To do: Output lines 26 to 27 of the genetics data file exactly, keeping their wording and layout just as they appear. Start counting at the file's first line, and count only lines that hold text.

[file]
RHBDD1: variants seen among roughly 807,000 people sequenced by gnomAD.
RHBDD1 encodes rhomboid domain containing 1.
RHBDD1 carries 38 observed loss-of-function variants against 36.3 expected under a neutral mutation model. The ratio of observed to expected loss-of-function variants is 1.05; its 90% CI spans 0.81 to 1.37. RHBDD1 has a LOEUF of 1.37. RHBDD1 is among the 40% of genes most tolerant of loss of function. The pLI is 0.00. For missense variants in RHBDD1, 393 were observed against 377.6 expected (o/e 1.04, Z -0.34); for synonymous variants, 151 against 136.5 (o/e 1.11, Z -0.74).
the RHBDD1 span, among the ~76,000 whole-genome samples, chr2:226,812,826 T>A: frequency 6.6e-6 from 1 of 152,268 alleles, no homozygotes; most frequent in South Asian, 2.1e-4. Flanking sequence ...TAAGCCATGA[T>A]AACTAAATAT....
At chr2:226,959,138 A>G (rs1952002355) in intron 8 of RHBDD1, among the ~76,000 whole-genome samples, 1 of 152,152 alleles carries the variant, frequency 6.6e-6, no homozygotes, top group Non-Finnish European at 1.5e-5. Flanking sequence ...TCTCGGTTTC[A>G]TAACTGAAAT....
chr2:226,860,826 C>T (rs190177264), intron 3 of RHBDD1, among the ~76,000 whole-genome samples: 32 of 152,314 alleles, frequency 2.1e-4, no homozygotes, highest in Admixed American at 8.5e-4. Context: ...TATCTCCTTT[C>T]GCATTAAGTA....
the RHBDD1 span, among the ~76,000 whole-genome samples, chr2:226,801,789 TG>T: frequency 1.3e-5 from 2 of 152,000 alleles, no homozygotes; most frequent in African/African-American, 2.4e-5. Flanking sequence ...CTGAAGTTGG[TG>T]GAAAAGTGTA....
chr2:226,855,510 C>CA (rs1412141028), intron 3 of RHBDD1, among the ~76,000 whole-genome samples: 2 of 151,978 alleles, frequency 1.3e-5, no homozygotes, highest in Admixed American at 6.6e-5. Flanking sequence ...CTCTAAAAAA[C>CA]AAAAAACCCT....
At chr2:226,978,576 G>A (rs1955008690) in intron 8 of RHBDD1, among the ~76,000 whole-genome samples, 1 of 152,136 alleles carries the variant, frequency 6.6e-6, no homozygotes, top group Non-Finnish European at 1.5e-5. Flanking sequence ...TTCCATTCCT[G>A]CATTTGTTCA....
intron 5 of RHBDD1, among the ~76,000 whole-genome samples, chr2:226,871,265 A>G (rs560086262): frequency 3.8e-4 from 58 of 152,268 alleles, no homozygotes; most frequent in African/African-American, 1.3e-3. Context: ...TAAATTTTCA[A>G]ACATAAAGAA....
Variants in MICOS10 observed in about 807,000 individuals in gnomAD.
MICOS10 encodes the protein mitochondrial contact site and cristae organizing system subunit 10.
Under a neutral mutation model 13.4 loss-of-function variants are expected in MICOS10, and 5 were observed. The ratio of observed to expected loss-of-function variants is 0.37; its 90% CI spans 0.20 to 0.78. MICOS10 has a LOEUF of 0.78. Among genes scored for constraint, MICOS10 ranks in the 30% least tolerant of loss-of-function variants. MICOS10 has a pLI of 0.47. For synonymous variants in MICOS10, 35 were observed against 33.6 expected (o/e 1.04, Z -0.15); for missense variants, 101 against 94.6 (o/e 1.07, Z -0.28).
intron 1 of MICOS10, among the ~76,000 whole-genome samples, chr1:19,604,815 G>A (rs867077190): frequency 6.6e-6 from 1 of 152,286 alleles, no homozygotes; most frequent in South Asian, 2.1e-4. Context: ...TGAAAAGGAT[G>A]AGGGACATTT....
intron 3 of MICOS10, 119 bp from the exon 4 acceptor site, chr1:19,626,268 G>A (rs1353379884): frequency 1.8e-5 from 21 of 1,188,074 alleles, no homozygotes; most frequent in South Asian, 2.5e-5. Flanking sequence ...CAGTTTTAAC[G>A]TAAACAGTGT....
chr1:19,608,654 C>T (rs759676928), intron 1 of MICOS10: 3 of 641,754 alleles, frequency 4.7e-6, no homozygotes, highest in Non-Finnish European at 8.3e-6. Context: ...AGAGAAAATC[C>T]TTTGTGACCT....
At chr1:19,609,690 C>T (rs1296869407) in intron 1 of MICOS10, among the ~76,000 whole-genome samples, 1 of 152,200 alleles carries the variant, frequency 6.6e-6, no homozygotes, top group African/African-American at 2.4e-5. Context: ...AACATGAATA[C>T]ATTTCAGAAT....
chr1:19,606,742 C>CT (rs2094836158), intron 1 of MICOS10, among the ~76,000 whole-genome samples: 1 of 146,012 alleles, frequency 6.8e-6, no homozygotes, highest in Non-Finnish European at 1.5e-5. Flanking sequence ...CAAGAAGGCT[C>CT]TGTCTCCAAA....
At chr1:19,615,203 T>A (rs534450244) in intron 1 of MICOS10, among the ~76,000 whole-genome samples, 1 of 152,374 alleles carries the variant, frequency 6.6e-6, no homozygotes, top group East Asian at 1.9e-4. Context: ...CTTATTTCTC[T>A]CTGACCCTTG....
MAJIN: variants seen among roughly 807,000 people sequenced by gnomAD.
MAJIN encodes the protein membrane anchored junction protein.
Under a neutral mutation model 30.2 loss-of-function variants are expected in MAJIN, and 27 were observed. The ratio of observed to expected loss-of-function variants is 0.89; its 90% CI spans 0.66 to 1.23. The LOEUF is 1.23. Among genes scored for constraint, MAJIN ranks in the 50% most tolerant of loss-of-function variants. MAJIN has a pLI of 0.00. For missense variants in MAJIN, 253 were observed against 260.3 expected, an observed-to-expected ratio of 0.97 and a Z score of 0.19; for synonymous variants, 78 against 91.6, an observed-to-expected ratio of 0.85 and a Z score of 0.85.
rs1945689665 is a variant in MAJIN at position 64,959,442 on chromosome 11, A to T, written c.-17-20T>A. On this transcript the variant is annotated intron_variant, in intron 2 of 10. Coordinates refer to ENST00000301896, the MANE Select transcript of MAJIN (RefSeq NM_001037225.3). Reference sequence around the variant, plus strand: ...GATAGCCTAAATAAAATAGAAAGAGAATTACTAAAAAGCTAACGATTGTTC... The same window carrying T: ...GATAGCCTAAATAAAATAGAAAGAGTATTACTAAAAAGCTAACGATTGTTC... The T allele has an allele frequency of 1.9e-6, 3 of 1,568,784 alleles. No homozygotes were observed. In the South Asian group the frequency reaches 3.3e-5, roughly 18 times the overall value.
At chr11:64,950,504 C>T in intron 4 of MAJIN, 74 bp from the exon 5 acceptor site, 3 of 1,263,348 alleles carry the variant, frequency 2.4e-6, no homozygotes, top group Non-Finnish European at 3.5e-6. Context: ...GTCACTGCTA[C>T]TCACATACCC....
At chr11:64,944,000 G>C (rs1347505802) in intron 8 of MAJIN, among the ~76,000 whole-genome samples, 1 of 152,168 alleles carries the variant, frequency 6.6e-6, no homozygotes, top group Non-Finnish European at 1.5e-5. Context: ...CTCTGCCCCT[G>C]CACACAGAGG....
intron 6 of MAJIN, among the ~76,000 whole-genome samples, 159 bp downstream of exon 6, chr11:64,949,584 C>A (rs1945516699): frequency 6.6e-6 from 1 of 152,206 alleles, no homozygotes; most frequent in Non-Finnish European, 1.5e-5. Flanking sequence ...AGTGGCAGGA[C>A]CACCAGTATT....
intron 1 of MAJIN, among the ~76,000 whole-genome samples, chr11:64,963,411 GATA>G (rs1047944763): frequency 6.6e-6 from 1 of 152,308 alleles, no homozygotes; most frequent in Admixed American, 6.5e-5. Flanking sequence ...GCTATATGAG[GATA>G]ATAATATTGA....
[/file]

intron 6 of MAJIN, among the ~76,000 whole-genome samples, 159 bp downstream of exon 6, chr11:64,949,584 C>A (rs1945516699): frequency 6.6e-6 from 1 of 152,206 alleles, no homozygotes; most frequent in Non-Finnish European, 1.5e-5. Flanking sequence ...AGTGGCAGGA[C>A]CACCAGTATT....
intron 1 of MAJIN, among the ~76,000 whole-genome samples, chr11:64,963,411 GATA>G (rs1047944763): frequency 6.6e-6 from 1 of 152,308 alleles, no homozygotes; most frequent in Admixed American, 6.5e-5. Flanking sequence ...GCTATATGAG[GATA>G]ATAATATTGA....